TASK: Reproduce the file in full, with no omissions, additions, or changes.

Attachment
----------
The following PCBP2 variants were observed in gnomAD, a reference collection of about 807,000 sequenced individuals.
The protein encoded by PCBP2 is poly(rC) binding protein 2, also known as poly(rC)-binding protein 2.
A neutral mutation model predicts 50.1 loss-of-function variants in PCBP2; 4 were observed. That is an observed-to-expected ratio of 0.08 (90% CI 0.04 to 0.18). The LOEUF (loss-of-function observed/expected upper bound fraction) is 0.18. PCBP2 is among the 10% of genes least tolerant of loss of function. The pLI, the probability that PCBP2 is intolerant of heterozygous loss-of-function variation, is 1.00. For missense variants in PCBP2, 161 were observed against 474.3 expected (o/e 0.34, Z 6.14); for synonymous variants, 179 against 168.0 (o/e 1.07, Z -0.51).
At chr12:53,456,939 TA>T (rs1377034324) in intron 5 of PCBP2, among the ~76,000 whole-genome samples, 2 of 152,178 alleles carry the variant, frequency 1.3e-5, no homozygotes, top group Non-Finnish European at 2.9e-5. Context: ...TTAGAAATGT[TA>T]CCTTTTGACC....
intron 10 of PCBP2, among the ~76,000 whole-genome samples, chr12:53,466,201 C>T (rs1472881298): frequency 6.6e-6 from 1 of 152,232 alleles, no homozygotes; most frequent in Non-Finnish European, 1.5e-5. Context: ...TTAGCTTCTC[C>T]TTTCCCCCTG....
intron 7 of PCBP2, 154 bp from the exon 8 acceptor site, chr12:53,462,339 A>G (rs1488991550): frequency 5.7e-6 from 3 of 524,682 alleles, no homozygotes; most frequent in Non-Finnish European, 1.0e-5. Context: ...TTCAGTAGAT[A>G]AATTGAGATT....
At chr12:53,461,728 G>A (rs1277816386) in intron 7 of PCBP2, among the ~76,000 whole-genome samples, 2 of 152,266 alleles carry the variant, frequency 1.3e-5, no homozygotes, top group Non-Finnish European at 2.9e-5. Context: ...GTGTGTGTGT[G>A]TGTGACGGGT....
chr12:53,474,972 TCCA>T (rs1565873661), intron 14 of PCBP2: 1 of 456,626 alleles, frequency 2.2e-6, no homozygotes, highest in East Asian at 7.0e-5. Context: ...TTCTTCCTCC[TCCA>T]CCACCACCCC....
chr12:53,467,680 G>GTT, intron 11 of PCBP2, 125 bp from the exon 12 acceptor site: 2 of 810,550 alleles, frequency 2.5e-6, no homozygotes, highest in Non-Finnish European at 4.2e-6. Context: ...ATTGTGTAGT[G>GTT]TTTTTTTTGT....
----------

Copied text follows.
The following PCBP2 variants were observed in gnomAD, a reference collection of about 807,000 sequenced individuals.
The protein encoded by PCBP2 is poly(rC) binding protein 2, also known as poly(rC)-binding protein 2.
A neutral mutation model predicts 50.1 loss-of-function variants in PCBP2; 4 were observed. That is an observed-to-expected ratio of 0.08 (90% CI 0.04 to 0.18). The LOEUF (loss-of-function observed/expected upper bound fraction) is 0.18. PCBP2 is among the 10% of genes least tolerant of loss of function. The pLI, the probability that PCBP2 is intolerant of heterozygous loss-of-function variation, is 1.00. For missense variants in PCBP2, 161 were observed against 474.3 expected (o/e 0.34, Z 6.14); for synonymous variants, 179 against 168.0 (o/e 1.07, Z -0.51).
At chr12:53,456,939 TA>T (rs1377034324) in intron 5 of PCBP2, among the ~76,000 whole-genome samples, 2 of 152,178 alleles carry the variant, frequency 1.3e-5, no homozygotes, top group Non-Finnish European at 2.9e-5. Context: ...TTAGAAATGT[TA>T]CCTTTTGACC....
intron 10 of PCBP2, among the ~76,000 whole-genome samples, chr12:53,466,201 C>T (rs1472881298): frequency 6.6e-6 from 1 of 152,232 alleles, no homozygotes; most frequent in Non-Finnish European, 1.5e-5. Context: ...TTAGCTTCTC[C>T]TTTCCCCCTG....
intron 7 of PCBP2, 154 bp from the exon 8 acceptor site, chr12:53,462,339 A>G (rs1488991550): frequency 5.7e-6 from 3 of 524,682 alleles, no homozygotes; most frequent in Non-Finnish European, 1.0e-5. Context: ...TTCAGTAGAT[A>G]AATTGAGATT....
At chr12:53,461,728 G>A (rs1277816386) in intron 7 of PCBP2, among the ~76,000 whole-genome samples, 2 of 152,266 alleles carry the variant, frequency 1.3e-5, no homozygotes, top group Non-Finnish European at 2.9e-5. Context: ...GTGTGTGTGT[G>A]TGTGACGGGT....
chr12:53,474,972 TCCA>T (rs1565873661), intron 14 of PCBP2: 1 of 456,626 alleles, frequency 2.2e-6, no homozygotes, highest in East Asian at 7.0e-5. Context: ...TTCTTCCTCC[TCCA>T]CCACCACCCC....
chr12:53,467,680 G>GTT, intron 11 of PCBP2, 125 bp from the exon 12 acceptor site: 2 of 810,550 alleles, frequency 2.5e-6, no homozygotes, highest in Non-Finnish European at 4.2e-6. Context: ...ATTGTGTAGT[G>GTT]TTTTTTTTGT....